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October 9, 2012

Prospects Will Break Your Heart

I’ve Been Thinking About...

by Jason Parks

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I’ve been thinking about….. prospect rankings. The time of year is near, and I’ve started to make calls and I’ve started to take notes and I’ve started to put the parts of the machine together. One of the reasons I was never keen on prospect ranking had more to do with the process than the finished product, which, I will admit, has value despite a shelf life that makes it obsolete before you can find comfort in it. The process is the real creature here, as the definition of prospect value is always up for debate, with some offering grand rewards for high ceilings, some for skill maturity, some rewarding proximity to the majors, and some ranking prospects based solely on statistical output. Because value is in the eye of the value beholder, there isn’t a wrong way to organize and rank prospects, as the subjective nature of the process keeps us tied to individual philosophies and category weights. But one shouldn’t assume that all rankings are therefore created equal, and that throwing darts onto a board with prospect faces is a better method of classification than picking up a phone and talking to the industry tasked with prospect evaluation.

Or is it? My eyes have been privy to a few teams’ internal prospect rankings, compiled by their scouts on the ground and their analysts in the office, and even though the process of the product is more complex, I’ve been just as bewildered looking at a team’s list as I have been looking at a Bleacher Report slideshow of the top prospects in the game. The truth is that I’m not sure how the new BP rankings will be received, and even though they will be thoroughly researched and examined, the weight I assign to any specific attribute or characteristic will be based on a personal preference, and as a result, the BP list that I put a bow on will look different than the one Nick would compile, or Jason, or Mark, or Chris, or anybody else who decided to make a list. That uniqueness is both valued and open to exposure, with the latter stemming from the aforementioned subjectivity of the process itself, as each list, regardless of author, is different and therefore inaccurate at some level when judged against the reader’s personal preferences and experiences.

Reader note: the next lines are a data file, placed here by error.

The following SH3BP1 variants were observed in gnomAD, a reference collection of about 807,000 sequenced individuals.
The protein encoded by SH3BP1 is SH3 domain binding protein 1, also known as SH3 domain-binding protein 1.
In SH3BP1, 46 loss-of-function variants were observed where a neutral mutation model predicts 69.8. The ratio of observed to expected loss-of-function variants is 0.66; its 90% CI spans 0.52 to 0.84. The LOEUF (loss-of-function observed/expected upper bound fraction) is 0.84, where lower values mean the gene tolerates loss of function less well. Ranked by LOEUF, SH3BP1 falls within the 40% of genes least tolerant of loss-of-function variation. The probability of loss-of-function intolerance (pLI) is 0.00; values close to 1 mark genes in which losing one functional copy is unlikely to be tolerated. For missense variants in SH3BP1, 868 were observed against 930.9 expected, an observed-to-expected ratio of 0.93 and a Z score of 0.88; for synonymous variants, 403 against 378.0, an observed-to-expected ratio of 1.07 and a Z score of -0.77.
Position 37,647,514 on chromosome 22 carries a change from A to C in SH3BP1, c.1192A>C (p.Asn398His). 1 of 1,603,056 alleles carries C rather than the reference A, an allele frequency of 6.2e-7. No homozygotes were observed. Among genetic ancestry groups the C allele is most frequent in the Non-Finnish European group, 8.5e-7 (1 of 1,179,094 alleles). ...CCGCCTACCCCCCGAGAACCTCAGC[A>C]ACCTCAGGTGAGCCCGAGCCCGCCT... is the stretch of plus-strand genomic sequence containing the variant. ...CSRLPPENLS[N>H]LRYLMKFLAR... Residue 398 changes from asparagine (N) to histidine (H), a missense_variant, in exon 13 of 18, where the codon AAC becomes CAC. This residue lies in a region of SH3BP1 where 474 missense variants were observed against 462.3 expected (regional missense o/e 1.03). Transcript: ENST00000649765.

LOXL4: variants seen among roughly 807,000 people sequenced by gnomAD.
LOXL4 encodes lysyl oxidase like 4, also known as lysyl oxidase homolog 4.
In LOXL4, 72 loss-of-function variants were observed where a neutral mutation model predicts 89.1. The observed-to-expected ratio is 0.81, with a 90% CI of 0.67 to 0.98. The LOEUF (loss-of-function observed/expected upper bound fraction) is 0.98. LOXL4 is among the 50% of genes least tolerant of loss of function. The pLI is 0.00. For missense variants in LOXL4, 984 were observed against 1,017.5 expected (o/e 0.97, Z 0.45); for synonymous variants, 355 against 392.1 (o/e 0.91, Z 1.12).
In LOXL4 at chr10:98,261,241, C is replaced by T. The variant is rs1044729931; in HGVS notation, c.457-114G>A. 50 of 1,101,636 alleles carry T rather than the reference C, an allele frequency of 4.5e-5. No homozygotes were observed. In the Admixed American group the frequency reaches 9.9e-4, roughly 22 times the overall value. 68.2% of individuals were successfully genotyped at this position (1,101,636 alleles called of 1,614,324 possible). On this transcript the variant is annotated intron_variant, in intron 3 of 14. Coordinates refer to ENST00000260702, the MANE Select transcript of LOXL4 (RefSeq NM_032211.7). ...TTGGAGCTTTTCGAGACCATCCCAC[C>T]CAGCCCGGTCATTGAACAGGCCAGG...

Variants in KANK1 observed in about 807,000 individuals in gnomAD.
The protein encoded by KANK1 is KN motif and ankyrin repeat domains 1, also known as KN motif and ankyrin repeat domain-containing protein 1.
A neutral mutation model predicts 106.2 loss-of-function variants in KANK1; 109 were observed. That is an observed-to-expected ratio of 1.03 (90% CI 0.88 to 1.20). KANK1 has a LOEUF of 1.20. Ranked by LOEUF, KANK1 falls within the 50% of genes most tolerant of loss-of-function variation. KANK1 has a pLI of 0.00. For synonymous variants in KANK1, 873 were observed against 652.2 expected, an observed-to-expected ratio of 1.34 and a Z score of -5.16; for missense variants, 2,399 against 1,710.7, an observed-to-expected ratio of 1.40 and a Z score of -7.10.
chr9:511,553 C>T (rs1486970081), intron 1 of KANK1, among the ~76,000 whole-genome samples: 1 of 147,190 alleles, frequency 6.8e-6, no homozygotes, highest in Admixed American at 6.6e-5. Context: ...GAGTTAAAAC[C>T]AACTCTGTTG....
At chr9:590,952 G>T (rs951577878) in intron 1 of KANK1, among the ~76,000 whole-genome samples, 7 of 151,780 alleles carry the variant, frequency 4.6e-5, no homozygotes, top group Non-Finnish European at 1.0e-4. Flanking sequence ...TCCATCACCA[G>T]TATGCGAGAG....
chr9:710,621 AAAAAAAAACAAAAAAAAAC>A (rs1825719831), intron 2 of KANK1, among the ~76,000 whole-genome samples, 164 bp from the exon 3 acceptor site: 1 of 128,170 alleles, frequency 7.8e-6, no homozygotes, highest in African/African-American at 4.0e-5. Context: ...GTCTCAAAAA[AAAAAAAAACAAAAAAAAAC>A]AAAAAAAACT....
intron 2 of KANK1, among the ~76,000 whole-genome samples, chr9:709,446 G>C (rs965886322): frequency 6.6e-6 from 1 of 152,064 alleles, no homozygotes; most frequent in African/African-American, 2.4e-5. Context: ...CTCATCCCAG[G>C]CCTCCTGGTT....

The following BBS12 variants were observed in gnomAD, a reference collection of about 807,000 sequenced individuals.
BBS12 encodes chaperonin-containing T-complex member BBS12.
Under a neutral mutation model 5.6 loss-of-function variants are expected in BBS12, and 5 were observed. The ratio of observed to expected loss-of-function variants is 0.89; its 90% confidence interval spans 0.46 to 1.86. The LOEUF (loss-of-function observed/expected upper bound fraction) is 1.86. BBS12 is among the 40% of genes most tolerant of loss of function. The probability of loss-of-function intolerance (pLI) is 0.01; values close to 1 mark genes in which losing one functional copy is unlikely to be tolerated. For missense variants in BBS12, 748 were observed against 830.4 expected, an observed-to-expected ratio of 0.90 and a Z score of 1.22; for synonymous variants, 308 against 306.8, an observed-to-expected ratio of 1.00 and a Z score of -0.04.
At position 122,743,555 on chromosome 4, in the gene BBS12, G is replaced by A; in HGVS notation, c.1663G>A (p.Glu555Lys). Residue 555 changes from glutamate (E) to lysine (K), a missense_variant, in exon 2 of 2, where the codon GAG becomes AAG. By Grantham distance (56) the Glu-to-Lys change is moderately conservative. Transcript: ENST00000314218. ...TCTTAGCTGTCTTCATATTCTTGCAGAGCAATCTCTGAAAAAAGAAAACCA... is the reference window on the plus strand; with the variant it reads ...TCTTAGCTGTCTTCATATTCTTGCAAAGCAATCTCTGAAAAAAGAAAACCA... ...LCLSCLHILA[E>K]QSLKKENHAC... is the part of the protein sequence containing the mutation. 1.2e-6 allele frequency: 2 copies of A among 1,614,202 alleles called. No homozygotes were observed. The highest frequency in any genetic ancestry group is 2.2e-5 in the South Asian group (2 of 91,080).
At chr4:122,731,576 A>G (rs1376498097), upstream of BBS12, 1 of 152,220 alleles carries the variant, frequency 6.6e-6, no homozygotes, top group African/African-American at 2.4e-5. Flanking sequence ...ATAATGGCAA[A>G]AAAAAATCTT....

Why do we like these things again? Oh, yes. We like to see inside the homes of our neighbors, partially out of curiosity, partially because we respect their tastes and are scared they have better taste than we do, and partially because we like to judge. It’s why I buy the BA handbook, or I read Mayo’s top 100, or Keith’s top 100. I respect the opinions and have a curiosity about the placements and explanation, but ultimately, it comes down to wanting to see which type of flooring they have in the kitchen.

I’ve been thinking about……CC Sabathia. As a prospect surveyor, I’m always on the hunt for the elusive “top of the rotation” talent, the arms that win Cy Young awards, pitch Game Ones, and put their teams on their back when it matters most. Almost mythical in lore thanks to the rarity of the skill set, for every ten that are cursed with the future label, does one actually live up to the standard?